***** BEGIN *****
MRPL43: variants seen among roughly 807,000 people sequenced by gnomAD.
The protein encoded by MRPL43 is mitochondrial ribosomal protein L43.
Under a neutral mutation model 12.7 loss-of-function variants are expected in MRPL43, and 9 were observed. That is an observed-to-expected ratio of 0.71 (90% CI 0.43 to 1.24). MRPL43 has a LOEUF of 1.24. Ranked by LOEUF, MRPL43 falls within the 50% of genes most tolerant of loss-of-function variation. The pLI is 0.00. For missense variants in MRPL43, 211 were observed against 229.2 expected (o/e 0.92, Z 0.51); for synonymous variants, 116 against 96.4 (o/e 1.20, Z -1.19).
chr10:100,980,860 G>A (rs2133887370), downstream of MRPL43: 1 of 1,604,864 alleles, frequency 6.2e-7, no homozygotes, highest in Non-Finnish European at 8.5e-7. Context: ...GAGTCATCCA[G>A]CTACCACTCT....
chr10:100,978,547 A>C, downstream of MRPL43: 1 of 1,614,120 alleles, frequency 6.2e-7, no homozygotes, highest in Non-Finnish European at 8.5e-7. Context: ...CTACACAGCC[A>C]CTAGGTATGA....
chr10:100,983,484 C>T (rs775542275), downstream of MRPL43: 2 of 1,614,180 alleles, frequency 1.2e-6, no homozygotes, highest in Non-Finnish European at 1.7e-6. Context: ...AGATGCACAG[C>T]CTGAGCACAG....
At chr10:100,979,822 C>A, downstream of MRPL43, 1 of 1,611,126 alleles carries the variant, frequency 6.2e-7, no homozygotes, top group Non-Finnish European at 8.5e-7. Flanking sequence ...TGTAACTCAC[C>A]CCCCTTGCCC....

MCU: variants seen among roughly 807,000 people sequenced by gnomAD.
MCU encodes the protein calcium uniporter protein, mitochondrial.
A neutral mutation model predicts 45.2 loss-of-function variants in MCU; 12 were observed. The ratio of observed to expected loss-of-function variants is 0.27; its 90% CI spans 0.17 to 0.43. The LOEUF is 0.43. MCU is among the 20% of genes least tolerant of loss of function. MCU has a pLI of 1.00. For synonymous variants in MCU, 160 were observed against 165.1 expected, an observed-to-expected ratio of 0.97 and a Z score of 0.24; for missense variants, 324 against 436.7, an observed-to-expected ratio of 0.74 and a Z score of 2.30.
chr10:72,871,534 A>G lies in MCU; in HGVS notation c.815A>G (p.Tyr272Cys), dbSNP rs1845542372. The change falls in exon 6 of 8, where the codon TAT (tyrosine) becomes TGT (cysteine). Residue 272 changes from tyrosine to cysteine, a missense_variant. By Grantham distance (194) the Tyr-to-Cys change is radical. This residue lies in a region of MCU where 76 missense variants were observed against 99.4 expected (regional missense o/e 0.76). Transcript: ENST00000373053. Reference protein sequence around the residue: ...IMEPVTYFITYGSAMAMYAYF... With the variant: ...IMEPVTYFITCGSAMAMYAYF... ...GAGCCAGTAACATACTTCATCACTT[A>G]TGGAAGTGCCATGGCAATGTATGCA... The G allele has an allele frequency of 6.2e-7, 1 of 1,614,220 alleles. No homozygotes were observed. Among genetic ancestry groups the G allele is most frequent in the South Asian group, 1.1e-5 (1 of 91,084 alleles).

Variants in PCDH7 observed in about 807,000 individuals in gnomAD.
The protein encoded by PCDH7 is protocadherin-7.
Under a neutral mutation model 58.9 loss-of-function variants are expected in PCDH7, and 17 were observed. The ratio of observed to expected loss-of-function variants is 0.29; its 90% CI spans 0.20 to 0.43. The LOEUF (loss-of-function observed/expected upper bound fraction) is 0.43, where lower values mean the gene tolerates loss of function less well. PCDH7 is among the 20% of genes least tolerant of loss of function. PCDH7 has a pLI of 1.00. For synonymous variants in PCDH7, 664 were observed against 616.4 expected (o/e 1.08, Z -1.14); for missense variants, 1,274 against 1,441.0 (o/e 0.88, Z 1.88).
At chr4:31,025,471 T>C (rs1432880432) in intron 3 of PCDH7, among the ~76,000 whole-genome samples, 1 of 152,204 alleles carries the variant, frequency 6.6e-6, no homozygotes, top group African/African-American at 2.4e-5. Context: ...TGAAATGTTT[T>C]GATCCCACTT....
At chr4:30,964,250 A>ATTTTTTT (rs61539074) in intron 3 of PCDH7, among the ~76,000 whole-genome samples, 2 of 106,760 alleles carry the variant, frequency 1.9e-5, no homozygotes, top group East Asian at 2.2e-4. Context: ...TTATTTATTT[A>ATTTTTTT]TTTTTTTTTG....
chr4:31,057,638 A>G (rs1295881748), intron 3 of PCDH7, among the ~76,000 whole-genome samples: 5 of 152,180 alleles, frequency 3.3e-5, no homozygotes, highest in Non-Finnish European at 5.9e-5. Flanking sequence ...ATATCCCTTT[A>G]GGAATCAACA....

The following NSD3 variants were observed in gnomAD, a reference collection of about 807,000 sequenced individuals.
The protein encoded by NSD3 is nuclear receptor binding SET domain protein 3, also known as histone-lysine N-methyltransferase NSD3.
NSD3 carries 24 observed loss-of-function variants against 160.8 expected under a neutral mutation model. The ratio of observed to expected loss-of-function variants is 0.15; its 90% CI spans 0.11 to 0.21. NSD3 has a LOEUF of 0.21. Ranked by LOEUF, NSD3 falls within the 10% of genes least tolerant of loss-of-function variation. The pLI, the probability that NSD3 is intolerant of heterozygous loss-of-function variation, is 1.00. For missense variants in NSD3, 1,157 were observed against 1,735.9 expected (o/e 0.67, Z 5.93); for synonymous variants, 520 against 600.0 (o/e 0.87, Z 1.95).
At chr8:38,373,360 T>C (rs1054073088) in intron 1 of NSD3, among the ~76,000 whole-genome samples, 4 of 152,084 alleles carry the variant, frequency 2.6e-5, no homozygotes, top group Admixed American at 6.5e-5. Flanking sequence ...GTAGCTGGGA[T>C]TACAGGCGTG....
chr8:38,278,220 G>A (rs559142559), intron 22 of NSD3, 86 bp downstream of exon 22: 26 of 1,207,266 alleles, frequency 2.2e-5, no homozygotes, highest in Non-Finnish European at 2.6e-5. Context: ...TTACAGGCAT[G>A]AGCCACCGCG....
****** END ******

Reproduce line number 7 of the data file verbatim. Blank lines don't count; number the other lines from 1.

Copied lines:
At chr10:100,979,822 C>A, downstream of MRPL43, 1 of 1,611,126 alleles carries the variant, frequency 6.2e-7, no homozygotes, top group Non-Finnish European at 8.5e-7. Flanking sequence ...TGTAACTCAC[C>A]CCCCTTGCCC....